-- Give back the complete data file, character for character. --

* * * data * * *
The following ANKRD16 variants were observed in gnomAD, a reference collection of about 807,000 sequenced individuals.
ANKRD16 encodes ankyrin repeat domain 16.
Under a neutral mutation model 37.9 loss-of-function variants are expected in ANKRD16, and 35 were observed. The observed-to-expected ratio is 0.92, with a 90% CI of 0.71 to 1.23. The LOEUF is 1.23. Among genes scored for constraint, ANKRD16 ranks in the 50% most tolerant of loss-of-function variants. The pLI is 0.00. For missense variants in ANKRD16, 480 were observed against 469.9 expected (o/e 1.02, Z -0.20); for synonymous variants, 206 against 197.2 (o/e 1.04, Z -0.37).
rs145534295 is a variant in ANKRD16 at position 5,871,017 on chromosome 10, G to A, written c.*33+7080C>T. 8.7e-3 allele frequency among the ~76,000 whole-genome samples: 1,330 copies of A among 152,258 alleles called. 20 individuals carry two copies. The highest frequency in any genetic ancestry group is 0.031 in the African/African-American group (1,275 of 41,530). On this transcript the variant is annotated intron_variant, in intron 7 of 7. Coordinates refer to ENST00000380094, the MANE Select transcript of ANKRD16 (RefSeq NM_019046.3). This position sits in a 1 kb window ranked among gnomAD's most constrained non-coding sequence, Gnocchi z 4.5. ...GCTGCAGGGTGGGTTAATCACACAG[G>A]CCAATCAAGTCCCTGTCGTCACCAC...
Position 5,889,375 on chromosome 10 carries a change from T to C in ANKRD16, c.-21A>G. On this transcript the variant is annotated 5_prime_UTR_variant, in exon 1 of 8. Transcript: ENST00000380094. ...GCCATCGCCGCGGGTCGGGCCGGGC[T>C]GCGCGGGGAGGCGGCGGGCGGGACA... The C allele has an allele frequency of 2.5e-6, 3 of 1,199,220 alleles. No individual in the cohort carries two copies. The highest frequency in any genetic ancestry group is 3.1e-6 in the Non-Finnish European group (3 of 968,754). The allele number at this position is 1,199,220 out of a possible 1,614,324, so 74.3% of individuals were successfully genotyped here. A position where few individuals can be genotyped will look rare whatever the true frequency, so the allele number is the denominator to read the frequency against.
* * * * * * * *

The following ANKRD16 variants were observed in gnomAD, a reference collection of about 807,000 sequenced individuals.
ANKRD16 encodes ankyrin repeat domain 16.
Under a neutral mutation model 37.9 loss-of-function variants are expected in ANKRD16, and 35 were observed. The observed-to-expected ratio is 0.92, with a 90% CI of 0.71 to 1.23. The LOEUF is 1.23. Among genes scored for constraint, ANKRD16 ranks in the 50% most tolerant of loss-of-function variants. The pLI is 0.00. For missense variants in ANKRD16, 480 were observed against 469.9 expected (o/e 1.02, Z -0.20); for synonymous variants, 206 against 197.2 (o/e 1.04, Z -0.37).
rs145534295 is a variant in ANKRD16 at position 5,871,017 on chromosome 10, G to A, written c.*33+7080C>T. 8.7e-3 allele frequency among the ~76,000 whole-genome samples: 1,330 copies of A among 152,258 alleles called. 20 individuals carry two copies. The highest frequency in any genetic ancestry group is 0.031 in the African/African-American group (1,275 of 41,530). On this transcript the variant is annotated intron_variant, in intron 7 of 7. Coordinates refer to ENST00000380094, the MANE Select transcript of ANKRD16 (RefSeq NM_019046.3). This position sits in a 1 kb window ranked among gnomAD's most constrained non-coding sequence, Gnocchi z 4.5. ...GCTGCAGGGTGGGTTAATCACACAG[G>A]CCAATCAAGTCCCTGTCGTCACCAC...
Position 5,889,375 on chromosome 10 carries a change from T to C in ANKRD16, c.-21A>G. On this transcript the variant is annotated 5_prime_UTR_variant, in exon 1 of 8. Transcript: ENST00000380094. ...GCCATCGCCGCGGGTCGGGCCGGGC[T>C]GCGCGGGGAGGCGGCGGGCGGGACA... The C allele has an allele frequency of 2.5e-6, 3 of 1,199,220 alleles. No individual in the cohort carries two copies. The highest frequency in any genetic ancestry group is 3.1e-6 in the Non-Finnish European group (3 of 968,754). The allele number at this position is 1,199,220 out of a possible 1,614,324, so 74.3% of individuals were successfully genotyped here. A position where few individuals can be genotyped will look rare whatever the true frequency, so the allele number is the denominator to read the frequency against.